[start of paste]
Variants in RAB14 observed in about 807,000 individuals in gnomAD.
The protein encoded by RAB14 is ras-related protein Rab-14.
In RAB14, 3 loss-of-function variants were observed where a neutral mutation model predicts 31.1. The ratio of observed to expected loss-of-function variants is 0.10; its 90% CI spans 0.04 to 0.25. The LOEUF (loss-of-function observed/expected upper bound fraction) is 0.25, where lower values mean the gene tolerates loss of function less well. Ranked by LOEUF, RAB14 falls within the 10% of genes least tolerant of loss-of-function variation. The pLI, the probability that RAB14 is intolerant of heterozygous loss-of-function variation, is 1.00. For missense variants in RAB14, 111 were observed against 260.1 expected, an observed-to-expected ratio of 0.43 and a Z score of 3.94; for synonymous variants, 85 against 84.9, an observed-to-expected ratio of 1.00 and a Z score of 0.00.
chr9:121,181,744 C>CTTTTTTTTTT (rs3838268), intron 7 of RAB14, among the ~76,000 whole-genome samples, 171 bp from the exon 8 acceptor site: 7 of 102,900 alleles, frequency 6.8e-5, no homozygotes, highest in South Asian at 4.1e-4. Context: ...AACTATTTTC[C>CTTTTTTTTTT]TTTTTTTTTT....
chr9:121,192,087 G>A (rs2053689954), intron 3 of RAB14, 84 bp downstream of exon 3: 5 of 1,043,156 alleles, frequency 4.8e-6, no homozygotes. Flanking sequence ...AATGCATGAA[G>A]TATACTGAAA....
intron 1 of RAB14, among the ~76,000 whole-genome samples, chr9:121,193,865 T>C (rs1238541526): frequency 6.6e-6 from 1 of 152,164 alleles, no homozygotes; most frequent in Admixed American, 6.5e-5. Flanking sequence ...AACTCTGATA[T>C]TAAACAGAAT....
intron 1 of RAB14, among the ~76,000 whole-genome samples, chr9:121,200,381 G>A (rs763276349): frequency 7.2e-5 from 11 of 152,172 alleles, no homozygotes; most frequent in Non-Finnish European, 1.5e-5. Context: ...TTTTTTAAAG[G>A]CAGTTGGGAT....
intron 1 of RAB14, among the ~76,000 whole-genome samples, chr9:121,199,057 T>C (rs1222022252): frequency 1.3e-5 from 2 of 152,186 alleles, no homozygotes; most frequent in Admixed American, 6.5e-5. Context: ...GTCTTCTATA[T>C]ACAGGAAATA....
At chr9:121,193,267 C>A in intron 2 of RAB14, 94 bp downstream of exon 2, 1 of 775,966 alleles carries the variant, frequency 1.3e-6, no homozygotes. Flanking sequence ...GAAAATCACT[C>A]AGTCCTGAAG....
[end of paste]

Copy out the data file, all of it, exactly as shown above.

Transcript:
Variants in RAB14 observed in about 807,000 individuals in gnomAD.
The protein encoded by RAB14 is ras-related protein Rab-14.
In RAB14, 3 loss-of-function variants were observed where a neutral mutation model predicts 31.1. The ratio of observed to expected loss-of-function variants is 0.10; its 90% CI spans 0.04 to 0.25. The LOEUF (loss-of-function observed/expected upper bound fraction) is 0.25, where lower values mean the gene tolerates loss of function less well. Ranked by LOEUF, RAB14 falls within the 10% of genes least tolerant of loss-of-function variation. The pLI, the probability that RAB14 is intolerant of heterozygous loss-of-function variation, is 1.00. For missense variants in RAB14, 111 were observed against 260.1 expected, an observed-to-expected ratio of 0.43 and a Z score of 3.94; for synonymous variants, 85 against 84.9, an observed-to-expected ratio of 1.00 and a Z score of 0.00.
chr9:121,181,744 C>CTTTTTTTTTT (rs3838268), intron 7 of RAB14, among the ~76,000 whole-genome samples, 171 bp from the exon 8 acceptor site: 7 of 102,900 alleles, frequency 6.8e-5, no homozygotes, highest in South Asian at 4.1e-4. Context: ...AACTATTTTC[C>CTTTTTTTTTT]TTTTTTTTTT....
chr9:121,192,087 G>A (rs2053689954), intron 3 of RAB14, 84 bp downstream of exon 3: 5 of 1,043,156 alleles, frequency 4.8e-6, no homozygotes. Flanking sequence ...AATGCATGAA[G>A]TATACTGAAA....
intron 1 of RAB14, among the ~76,000 whole-genome samples, chr9:121,193,865 T>C (rs1238541526): frequency 6.6e-6 from 1 of 152,164 alleles, no homozygotes; most frequent in Admixed American, 6.5e-5. Flanking sequence ...AACTCTGATA[T>C]TAAACAGAAT....
intron 1 of RAB14, among the ~76,000 whole-genome samples, chr9:121,200,381 G>A (rs763276349): frequency 7.2e-5 from 11 of 152,172 alleles, no homozygotes; most frequent in Non-Finnish European, 1.5e-5. Context: ...TTTTTTAAAG[G>A]CAGTTGGGAT....
intron 1 of RAB14, among the ~76,000 whole-genome samples, chr9:121,199,057 T>C (rs1222022252): frequency 1.3e-5 from 2 of 152,186 alleles, no homozygotes; most frequent in Admixed American, 6.5e-5. Context: ...GTCTTCTATA[T>C]ACAGGAAATA....
At chr9:121,193,267 C>A in intron 2 of RAB14, 94 bp downstream of exon 2, 1 of 775,966 alleles carries the variant, frequency 1.3e-6, no homozygotes. Flanking sequence ...GAAAATCACT[C>A]AGTCCTGAAG....